Crown Prince of Norway to make first visit to Samoa

The Crown Prince of the Kingdom of Norway, Haakon Magnus, will be in Samoa on for a two-day visit this week following his trips to Tonga and Fiji. 

Scheduled for Wednesday and Thursday, Samoa is the final Pacific stop for Crown Prince Haakon. 

He is accompanied by a delegation, and will visit the Head of State, His Highness Tuimalealiifano Vaaletoa Sualauvi II and Prime Minister Tuilaepa Sa'ilele Malielegaoi, including the Vaisigano Bridge Project and Moata’a Mangroves.

In Tonga, Crown Prince Haakon said the Pacific and Norway are connected by the impact of climate change on the ocean.

“In Norway where I am from it is cold but our glaciers are melting, the ice is melting up north and the connection to here where the sea is rising is apparent. So the work is interconnected that way,” he said.

Norway has been endeavoring to be an international leader in the climate change space. It ranks 14th on the Environmental Performance Index with a score of 77.59 out of 100. Switzerland is ranked 1st with an 87.42 score, and has an ambitious goal of becoming carbon neutral in 2030.

The main industry in Norway is the production of oil and gas. These industries finance the manufacturing and welfare systems and even the government pension fund. It is the third largest exporter of natural gas, and actually exports more oil and gas than it consumes.

But on Sunday, two international reports announced blows to that industry, with Bloomberg reporting Norway’s opposition Labour party will no longer push for oil exploration offshore of Norway’s arctic.

Bloomberg’s Mikael Holter writes the move adds to growing uncertainly about how much support the oil industry can expect from politicians going forward.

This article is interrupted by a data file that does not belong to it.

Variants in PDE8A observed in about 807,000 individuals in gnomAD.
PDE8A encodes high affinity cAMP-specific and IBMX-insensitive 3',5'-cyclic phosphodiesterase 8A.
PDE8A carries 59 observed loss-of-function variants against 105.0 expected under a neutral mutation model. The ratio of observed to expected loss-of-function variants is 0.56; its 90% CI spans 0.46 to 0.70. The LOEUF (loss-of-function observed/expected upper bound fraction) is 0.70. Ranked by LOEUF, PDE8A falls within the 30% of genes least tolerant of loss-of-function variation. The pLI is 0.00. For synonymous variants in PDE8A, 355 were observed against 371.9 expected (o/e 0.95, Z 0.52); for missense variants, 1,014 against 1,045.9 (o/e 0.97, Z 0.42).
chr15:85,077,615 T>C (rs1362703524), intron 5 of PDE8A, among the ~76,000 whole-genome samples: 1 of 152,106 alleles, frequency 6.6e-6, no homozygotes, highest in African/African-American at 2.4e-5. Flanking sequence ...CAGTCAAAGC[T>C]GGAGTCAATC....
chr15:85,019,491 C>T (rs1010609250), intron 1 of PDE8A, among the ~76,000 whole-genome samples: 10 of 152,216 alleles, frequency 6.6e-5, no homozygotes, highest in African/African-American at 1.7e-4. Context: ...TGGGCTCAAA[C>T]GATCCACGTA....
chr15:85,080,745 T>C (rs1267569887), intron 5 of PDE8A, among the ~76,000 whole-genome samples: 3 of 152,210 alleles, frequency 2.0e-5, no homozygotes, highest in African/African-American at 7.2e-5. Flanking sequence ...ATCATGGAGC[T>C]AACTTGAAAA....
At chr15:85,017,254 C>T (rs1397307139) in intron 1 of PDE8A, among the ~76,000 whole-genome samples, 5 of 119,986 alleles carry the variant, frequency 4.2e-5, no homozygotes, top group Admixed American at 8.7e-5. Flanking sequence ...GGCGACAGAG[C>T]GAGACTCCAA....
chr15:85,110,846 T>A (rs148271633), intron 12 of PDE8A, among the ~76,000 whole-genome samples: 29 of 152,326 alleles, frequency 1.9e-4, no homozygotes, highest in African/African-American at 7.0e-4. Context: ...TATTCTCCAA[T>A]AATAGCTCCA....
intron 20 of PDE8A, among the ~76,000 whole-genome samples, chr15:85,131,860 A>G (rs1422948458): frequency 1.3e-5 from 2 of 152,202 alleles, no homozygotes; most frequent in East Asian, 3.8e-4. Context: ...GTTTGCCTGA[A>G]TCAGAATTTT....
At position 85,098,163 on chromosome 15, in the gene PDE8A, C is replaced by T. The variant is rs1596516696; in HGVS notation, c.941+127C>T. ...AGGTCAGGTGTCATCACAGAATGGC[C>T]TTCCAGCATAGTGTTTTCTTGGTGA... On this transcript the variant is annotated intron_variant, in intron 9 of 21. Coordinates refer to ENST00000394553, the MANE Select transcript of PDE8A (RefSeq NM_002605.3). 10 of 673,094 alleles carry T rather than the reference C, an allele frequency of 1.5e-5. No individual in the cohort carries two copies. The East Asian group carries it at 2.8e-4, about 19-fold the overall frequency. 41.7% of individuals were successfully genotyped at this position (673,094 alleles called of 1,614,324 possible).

And the world’s largest sovereign oil fund of US$1 trillion (T$2.6 trillion) in Norway will begin investing in renewable energy over oil, according to the Guardian’s Damian Carrington.

“Norway’s government gave the go-ahead on Friday for its fund to invest in renewable energy projects that are not listed on stock markets. Unlisted projects make up more than two-thirds of the whole renewable infrastructure market, which is worth trillions of dollars,” Mr Carrington reports.

In March, Norway announced divestment from 134 oil and gas companies, with the exception of BP and Shell who hold renewable energy divisions.

In a Guardian report, Greenpeace UK’s oil campaigner, Charlie Kronick, said the divestment was welcome, but “not enough to mitigate Norway’s exposure to both global oil and gas prices and the wider financial ramifications of climate change.

“However, it does send a clear signal that companies betting on the expansion of their oil and gas businesses present an unacceptable risk, not only to the climate but also to investors."

According to the Samoan Government, the Crown Prince’s visit is intended to strengthen Norway’s relationships with Pacific Island States, and promote common interests such as the oceans, climate change, peace and security.

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